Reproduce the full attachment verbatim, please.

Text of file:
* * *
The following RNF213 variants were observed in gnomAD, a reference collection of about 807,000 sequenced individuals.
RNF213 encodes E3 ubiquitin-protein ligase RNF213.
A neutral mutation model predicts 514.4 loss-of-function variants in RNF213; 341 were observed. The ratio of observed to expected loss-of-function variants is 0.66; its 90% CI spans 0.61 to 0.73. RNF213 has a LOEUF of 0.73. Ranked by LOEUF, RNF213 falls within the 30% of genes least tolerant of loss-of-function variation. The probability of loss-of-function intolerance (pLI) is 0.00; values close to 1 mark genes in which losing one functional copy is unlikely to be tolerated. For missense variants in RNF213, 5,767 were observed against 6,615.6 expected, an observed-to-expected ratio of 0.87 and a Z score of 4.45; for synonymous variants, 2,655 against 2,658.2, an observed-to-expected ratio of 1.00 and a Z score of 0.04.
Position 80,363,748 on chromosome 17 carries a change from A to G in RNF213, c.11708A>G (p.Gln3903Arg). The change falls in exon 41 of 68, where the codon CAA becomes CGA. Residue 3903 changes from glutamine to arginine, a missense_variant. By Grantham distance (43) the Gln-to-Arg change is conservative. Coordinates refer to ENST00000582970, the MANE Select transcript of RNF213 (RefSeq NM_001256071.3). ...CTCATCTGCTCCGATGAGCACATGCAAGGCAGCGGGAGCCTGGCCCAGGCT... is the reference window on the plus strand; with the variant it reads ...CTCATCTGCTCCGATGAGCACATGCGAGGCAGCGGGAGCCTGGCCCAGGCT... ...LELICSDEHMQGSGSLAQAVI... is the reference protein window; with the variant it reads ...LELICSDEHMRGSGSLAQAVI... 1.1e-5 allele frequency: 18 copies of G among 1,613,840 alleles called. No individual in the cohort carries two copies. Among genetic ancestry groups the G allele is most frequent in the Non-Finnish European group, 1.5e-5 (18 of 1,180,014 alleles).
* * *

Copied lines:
The following RNF213 variants were observed in gnomAD, a reference collection of about 807,000 sequenced individuals.
RNF213 encodes E3 ubiquitin-protein ligase RNF213.
A neutral mutation model predicts 514.4 loss-of-function variants in RNF213; 341 were observed. The ratio of observed to expected loss-of-function variants is 0.66; its 90% CI spans 0.61 to 0.73. RNF213 has a LOEUF of 0.73. Ranked by LOEUF, RNF213 falls within the 30% of genes least tolerant of loss-of-function variation. The probability of loss-of-function intolerance (pLI) is 0.00; values close to 1 mark genes in which losing one functional copy is unlikely to be tolerated. For missense variants in RNF213, 5,767 were observed against 6,615.6 expected, an observed-to-expected ratio of 0.87 and a Z score of 4.45; for synonymous variants, 2,655 against 2,658.2, an observed-to-expected ratio of 1.00 and a Z score of 0.04.
Position 80,363,748 on chromosome 17 carries a change from A to G in RNF213, c.11708A>G (p.Gln3903Arg). The change falls in exon 41 of 68, where the codon CAA becomes CGA. Residue 3903 changes from glutamine to arginine, a missense_variant. By Grantham distance (43) the Gln-to-Arg change is conservative. Coordinates refer to ENST00000582970, the MANE Select transcript of RNF213 (RefSeq NM_001256071.3). ...CTCATCTGCTCCGATGAGCACATGCAAGGCAGCGGGAGCCTGGCCCAGGCT... is the reference window on the plus strand; with the variant it reads ...CTCATCTGCTCCGATGAGCACATGCGAGGCAGCGGGAGCCTGGCCCAGGCT... ...LELICSDEHMQGSGSLAQAVI... is the reference protein window; with the variant it reads ...LELICSDEHMRGSGSLAQAVI... 1.1e-5 allele frequency: 18 copies of G among 1,613,840 alleles called. No individual in the cohort carries two copies. Among genetic ancestry groups the G allele is most frequent in the Non-Finnish European group, 1.5e-5 (18 of 1,180,014 alleles).